Growth is modulated by extrinsic factors such as nutrients, temperature, and hypoxia. However, their link to the Inr/TOR signaling network is not well defined. Although it is known that starvation results in a reduction in the levels of insulin-like peptides and a reduction in S6K activity in Drosopohila, little is known about whether temperature or hypoxia regulates the activity of this pathway. It is conceivable that mutations in genes coding for factors mediating the modulation of growth in response to external stimuli have escaped detection because they do not exhibit a very strong phenotype under standard culture conditions. For example, overexpression of the Forkhead transcription factor FOXO3a, the human homolog of Drosopohila dFOXO, produces a very subtle small eye phenotype under normal nutrient conditions. Under starvation, however, this phenotype is massively exacerbated, inducing a further eye size reduction and cell death. Furthermore, dFOXO mutant flies are viable and do not show an (over)growth phenotype in an otherwise wild-type background under normal conditions. Genes like dFOXO were missed in genetic loss-of-function screens aimed at identifying growth-regulatory genes (1) because they have only mild or missing mutant phenotypes under normal conditions and/or (2) because their function is masked by redundancy (Reiling, 2004).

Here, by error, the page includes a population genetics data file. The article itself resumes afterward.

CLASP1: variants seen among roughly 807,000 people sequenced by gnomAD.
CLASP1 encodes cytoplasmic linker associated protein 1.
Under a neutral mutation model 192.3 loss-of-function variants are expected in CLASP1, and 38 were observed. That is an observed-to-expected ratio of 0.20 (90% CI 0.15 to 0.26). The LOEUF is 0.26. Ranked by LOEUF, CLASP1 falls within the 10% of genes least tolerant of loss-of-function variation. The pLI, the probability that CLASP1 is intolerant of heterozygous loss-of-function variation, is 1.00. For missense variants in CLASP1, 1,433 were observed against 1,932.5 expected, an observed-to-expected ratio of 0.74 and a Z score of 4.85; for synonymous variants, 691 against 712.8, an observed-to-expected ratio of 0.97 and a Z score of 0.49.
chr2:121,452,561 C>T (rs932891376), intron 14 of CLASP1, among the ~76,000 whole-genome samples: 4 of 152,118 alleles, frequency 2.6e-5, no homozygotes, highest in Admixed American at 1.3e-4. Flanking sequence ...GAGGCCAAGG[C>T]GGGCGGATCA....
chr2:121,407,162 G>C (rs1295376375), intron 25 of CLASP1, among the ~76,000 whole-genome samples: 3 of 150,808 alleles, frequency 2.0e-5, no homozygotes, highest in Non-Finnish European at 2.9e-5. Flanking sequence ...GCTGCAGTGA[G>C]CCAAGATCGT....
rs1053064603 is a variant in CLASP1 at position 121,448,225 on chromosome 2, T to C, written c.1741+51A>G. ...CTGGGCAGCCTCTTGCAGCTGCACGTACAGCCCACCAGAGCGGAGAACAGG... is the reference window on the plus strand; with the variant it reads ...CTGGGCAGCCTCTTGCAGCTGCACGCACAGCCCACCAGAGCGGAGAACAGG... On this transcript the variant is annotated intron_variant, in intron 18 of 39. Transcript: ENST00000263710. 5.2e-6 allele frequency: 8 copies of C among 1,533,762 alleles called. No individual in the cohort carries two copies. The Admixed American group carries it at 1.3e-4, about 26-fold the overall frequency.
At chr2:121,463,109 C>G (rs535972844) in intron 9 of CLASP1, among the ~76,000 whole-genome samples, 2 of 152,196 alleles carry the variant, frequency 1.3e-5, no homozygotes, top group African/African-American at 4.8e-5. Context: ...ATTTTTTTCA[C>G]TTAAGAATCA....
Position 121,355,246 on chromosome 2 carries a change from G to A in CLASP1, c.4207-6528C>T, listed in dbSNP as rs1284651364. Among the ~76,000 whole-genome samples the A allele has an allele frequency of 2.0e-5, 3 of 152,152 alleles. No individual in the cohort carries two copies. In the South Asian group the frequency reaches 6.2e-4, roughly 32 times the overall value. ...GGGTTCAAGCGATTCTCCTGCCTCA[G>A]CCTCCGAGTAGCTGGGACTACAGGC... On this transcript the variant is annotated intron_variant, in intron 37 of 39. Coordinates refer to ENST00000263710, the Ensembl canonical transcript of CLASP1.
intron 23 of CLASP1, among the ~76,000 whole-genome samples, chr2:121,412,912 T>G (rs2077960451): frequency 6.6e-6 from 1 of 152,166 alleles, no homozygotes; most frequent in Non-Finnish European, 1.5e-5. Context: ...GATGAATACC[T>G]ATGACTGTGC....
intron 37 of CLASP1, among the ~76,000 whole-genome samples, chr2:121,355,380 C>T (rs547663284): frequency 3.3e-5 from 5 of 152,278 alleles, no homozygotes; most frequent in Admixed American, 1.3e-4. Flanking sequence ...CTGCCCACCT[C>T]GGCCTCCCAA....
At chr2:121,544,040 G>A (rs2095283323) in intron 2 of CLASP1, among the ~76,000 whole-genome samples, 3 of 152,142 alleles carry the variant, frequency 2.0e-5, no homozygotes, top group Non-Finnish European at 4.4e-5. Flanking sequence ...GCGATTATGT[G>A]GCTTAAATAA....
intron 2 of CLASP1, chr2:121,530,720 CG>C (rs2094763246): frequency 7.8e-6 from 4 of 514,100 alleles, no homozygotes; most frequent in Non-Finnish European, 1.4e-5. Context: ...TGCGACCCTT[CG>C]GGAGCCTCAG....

Genes acting in a redundant manner can be identified in a complementary gain-of-function approach using EP (enhancer/promoter) elements. Screening >4000 novel EP lines, two insertions were found in the scylla locus as suppressors of a PKB/PDK1-dependent eye overgrowth phenotype. A second gene was identified in the Drosopohila genome with homology to scylla, and named charybdis. Homologs of these genes also exist in mammals, and they have been implicated in the response of a cell to hypoxia or more generally as stress-induced genes having either pro- or anti-apoptotic functions. Evidence is presented that scylla and charybdis, like some of their mammalian homologs, are induced by hypoxia and that Scylla and Charybdis act as partially redundant negative regulators of growth by controlling S6K but not PKB activity (Reiling, 2004).